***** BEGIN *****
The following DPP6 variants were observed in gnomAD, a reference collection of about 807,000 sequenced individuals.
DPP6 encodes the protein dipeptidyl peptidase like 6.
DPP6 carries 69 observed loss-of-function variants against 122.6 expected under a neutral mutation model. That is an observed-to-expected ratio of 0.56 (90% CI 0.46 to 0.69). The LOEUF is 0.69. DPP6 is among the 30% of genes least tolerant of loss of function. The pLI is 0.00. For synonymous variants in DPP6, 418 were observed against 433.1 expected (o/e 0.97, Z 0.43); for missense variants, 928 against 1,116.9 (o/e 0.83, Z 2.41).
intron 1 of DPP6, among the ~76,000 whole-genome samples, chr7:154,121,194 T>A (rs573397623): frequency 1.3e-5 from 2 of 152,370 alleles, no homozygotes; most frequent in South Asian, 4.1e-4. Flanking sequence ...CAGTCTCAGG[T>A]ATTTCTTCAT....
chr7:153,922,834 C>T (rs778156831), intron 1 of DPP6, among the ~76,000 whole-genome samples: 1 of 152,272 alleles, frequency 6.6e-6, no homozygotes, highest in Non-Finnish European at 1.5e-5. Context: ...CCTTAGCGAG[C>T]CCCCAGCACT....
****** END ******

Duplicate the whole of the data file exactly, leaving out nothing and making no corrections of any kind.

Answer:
The following DPP6 variants were observed in gnomAD, a reference collection of about 807,000 sequenced individuals.
DPP6 encodes the protein dipeptidyl peptidase like 6.
DPP6 carries 69 observed loss-of-function variants against 122.6 expected under a neutral mutation model. That is an observed-to-expected ratio of 0.56 (90% CI 0.46 to 0.69). The LOEUF is 0.69. DPP6 is among the 30% of genes least tolerant of loss of function. The pLI is 0.00. For synonymous variants in DPP6, 418 were observed against 433.1 expected (o/e 0.97, Z 0.43); for missense variants, 928 against 1,116.9 (o/e 0.83, Z 2.41).
intron 1 of DPP6, among the ~76,000 whole-genome samples, chr7:154,121,194 T>A (rs573397623): frequency 1.3e-5 from 2 of 152,370 alleles, no homozygotes; most frequent in South Asian, 4.1e-4. Flanking sequence ...CAGTCTCAGG[T>A]ATTTCTTCAT....
chr7:153,922,834 C>T (rs778156831), intron 1 of DPP6, among the ~76,000 whole-genome samples: 1 of 152,272 alleles, frequency 6.6e-6, no homozygotes, highest in Non-Finnish European at 1.5e-5. Context: ...CCTTAGCGAG[C>T]CCCCAGCACT....